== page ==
Talking Economics: Bother in the BRICS

There were limited growth changes made to our emerging markets forecast, but all of the BRIC members face challenges this year, with sentiment on India beginning to turn.


Craig Botham

Craig Botham

Emerging Markets Economist

Russia: unwarranted optimism

As a result of better-than-expected first quarter GDP growth of -1.9% year-on-year, we have revised our year-end growth estimate up slightly, but still expect a 4% contraction.

Two key risks persist:

  • The oil price (which remains unlikely to return to its 2014 average this year)
  • The Ukraine situation (which remains tense).

On the monetary policy front, the central bank has embarked on an interest rate cutting cycle which we expect to take rates to 10% by end-2015, given growing economic weakness and the expected peaking of inflation.

As a small positive for Russia, rouble strength in recent weeks has enabled the central bank to begin rebuilding reserves following months of heavy outflows.

Brazil: Dilma spiralling down

Continued economic weakness, combined with other disappointments, has prompted us to revise down our growth forecast to -1.8% in 2015.

However, we have upgraded our inflation forecast to just shy of 8% in 2015, although this is partly driven by one-off factors.

Once these fade, we expect inflation to ease in 2016. In fact, we see it being sufficiently low in the first quarter of 2016 as to allow the central bank to preemptively reduce interest rates by 50bps in the fourth quarter.

However, if there is a "taper tantrum" repeat in response to the Fed’s expected rate hike, a Brazilian rate cut looks much less likely.

India: sentiment sours

The modest pace of reform implemented since Narendra Modi’s electoral victory last year has been largely in line with our expectations.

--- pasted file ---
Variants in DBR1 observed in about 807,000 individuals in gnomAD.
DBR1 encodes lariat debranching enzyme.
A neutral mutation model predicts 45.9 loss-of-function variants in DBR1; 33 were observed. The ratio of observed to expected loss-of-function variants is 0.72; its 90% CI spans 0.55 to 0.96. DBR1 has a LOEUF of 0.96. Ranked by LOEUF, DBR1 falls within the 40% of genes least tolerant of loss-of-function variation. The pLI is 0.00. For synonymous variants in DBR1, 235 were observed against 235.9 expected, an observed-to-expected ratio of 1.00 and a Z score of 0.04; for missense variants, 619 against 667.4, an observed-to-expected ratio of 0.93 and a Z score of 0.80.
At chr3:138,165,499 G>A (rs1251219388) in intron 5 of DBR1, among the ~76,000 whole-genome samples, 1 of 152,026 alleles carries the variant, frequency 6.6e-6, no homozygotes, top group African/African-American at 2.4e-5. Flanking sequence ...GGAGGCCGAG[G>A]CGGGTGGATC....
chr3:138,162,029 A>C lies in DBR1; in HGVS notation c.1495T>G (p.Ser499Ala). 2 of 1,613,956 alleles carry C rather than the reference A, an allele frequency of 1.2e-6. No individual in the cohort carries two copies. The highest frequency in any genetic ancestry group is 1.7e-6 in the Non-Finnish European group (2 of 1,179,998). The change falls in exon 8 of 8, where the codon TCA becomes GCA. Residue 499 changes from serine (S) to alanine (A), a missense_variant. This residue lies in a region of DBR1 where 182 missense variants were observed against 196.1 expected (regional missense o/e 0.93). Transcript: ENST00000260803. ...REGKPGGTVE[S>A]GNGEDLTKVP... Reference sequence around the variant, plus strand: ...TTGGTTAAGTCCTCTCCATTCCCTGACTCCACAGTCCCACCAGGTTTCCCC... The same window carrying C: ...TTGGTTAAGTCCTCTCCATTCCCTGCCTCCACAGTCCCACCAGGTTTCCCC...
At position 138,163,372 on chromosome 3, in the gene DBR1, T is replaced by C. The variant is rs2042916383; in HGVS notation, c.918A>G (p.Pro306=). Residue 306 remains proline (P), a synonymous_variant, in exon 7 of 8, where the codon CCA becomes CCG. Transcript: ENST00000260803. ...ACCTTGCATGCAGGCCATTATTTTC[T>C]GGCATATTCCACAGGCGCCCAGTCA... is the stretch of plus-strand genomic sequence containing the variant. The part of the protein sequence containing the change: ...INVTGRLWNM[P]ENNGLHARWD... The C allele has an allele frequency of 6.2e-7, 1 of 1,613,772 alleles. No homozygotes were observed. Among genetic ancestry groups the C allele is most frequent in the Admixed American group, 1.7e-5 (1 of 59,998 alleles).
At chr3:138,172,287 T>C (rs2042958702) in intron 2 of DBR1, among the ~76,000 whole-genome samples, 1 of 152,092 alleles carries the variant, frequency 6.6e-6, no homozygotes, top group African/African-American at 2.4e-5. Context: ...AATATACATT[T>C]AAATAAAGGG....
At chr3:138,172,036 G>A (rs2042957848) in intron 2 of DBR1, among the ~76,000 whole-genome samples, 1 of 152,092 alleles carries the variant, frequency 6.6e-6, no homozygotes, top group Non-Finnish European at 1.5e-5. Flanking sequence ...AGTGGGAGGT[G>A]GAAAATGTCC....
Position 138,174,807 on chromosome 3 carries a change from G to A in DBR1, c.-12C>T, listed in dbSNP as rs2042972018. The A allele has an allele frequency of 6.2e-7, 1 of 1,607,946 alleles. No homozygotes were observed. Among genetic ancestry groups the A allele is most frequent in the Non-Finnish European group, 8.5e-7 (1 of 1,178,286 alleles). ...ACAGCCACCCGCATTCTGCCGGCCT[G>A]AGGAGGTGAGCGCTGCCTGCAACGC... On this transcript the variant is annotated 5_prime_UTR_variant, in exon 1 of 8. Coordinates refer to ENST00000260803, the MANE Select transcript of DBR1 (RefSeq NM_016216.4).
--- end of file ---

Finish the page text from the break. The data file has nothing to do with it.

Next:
Consequently, we do not yet revise our growth forecasts, though failure to deliver some reform in the next session of parliament would present downside risks.

On inflation, we have revised down our forecast for this year driven in large part by lower food price inflation, although the risk of an El Nino event means inflation could surprise to the upside.

We expect two more interest rate cuts this year given the low inflation, taking the policy rate to 7%, but no more than that given the desire to hit an inflation target of 4% in the medium term.

China: stimulus accelerates

The growth outlook for China this year and next is unchanged at 6.8% and 6.5%, respectively. In response to weak growth, authorities have stepped up monetary policy easing measures.

However, we have also seen some backpedalling on fiscal reform recently, and regulations compelling banks to lend to local governments to help fund infrastructure projects.

The combination of easing and regulation seems designed to force banks to finance fiscal stimulus, with some help from the central bank.

For this reason, we do not upgrade our growth expectations despite the more aggressive stimulus; it is merely allowing our original base case to play out.

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